Remembering Swap

VMware vSphere users should always remember that when you allocate a VM the amount of space it will consume on disk includes a swap file equal to the size of the VM’s allocated RAM.

So if you have 96 GB of VMs running you will use 96 GB of your disk as swap, even if those VMs are only actively using 2 GB of RAM.

Yet another argument against overcommitment, in my opinion. If you right-size your VMs you not only save RAM, but storage as well.

5 thoughts on “Remembering Swap”

  1. Totally agreed re: avoiding memory overcommitment. I like to think that VM swap is a beneficiary of some of the free VMFS space created by using thin-provisioned VMDKs.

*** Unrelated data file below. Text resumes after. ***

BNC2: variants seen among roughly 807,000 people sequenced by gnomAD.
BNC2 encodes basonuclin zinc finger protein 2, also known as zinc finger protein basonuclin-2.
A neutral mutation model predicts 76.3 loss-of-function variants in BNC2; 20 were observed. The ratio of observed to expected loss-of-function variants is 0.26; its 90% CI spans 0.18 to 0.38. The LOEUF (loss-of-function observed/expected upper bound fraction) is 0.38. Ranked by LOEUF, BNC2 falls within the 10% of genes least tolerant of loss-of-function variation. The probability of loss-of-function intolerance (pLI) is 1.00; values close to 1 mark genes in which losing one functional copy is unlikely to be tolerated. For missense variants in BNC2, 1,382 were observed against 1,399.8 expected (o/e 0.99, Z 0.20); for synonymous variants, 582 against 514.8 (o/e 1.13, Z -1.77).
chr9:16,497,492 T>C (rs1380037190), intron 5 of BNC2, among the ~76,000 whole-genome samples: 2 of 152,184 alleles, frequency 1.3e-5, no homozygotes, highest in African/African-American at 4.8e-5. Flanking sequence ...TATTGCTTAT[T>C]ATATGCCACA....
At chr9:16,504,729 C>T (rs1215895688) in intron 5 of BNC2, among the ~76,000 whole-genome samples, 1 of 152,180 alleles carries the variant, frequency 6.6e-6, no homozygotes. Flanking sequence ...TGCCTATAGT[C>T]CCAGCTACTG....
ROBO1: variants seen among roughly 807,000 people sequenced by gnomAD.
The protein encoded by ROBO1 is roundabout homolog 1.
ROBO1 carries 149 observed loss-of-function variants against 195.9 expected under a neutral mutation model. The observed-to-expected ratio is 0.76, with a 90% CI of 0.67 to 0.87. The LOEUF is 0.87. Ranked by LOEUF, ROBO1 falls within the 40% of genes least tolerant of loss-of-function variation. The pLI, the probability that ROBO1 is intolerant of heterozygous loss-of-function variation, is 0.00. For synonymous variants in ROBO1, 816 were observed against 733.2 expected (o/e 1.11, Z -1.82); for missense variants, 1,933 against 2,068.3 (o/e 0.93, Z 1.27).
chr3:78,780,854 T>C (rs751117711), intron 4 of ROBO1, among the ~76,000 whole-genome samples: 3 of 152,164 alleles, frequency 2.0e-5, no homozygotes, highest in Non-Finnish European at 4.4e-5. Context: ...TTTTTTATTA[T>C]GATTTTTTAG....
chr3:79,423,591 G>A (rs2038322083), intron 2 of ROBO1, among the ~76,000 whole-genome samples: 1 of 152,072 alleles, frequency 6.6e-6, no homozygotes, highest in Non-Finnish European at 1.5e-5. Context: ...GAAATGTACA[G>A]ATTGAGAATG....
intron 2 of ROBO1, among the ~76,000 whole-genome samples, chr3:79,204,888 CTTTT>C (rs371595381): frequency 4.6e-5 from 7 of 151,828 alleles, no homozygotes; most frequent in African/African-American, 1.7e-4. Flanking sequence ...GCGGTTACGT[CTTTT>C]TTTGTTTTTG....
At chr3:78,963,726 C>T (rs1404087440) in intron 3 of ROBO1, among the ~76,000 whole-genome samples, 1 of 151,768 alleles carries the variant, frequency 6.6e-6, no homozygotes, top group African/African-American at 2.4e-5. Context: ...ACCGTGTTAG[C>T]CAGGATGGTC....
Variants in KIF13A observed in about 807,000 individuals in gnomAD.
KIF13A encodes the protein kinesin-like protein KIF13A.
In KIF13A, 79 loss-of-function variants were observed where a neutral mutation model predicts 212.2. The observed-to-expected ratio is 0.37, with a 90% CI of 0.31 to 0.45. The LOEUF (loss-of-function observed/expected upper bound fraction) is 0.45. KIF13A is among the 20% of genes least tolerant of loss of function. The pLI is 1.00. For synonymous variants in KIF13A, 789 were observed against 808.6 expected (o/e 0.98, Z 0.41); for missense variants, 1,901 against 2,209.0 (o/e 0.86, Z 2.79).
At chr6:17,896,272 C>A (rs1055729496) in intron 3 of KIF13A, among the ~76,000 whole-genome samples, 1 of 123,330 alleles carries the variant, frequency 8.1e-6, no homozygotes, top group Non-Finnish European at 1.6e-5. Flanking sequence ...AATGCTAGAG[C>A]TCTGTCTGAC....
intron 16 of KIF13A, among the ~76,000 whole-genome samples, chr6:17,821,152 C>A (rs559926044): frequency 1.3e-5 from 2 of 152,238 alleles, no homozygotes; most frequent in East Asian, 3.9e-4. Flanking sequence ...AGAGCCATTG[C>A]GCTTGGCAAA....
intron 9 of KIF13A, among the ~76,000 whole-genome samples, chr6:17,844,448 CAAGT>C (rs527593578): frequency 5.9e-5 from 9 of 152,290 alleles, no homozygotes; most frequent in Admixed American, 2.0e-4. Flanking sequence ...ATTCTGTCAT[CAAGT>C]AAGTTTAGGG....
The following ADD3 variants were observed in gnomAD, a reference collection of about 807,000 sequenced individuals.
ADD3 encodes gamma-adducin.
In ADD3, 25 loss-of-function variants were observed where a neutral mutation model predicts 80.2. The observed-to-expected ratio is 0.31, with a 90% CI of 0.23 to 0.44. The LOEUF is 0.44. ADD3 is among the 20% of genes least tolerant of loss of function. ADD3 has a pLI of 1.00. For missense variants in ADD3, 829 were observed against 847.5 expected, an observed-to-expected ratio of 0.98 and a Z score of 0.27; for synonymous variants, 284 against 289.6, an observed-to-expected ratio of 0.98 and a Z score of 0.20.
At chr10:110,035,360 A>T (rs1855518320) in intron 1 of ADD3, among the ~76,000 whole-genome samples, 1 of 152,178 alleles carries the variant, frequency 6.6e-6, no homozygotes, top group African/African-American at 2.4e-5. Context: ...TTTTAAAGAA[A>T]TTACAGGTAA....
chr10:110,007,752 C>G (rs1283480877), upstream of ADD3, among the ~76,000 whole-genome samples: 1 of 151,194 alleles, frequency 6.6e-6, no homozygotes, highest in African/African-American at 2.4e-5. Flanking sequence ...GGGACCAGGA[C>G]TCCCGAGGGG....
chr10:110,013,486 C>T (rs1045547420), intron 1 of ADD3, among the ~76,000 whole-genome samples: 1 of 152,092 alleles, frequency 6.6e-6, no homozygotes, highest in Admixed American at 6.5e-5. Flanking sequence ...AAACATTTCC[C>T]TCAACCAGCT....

I try to keep our datastores at least 10% free at all times to account for thin-provisioned VMDK growth as well as VM swap disk usage.

  2. Remember, the size of the vswp file is the difference between the reservation and limit. If you have a VM with 8GB of RAM and the reservation as well as the limit are both 8GB your vswp file will be 0

    • @Rick — incredibly good point. If you tell ESX that the VM has rights to always stay in-memory it won’t need to swap. Of course, the downside is extra management to track that, and a lot of people I’ve seen aren’t using reservations & limits in any way, which is the basis for my post. “Why am I using 1 TB of disk more than my VMs have as disk files?!?” Well…

    • @Matt — No, it’s only in memory, as best as I understand it, though I have not checked it specifically (just tore down my 4.1 beta test cluster for rebuild, of course).

Comments are closed.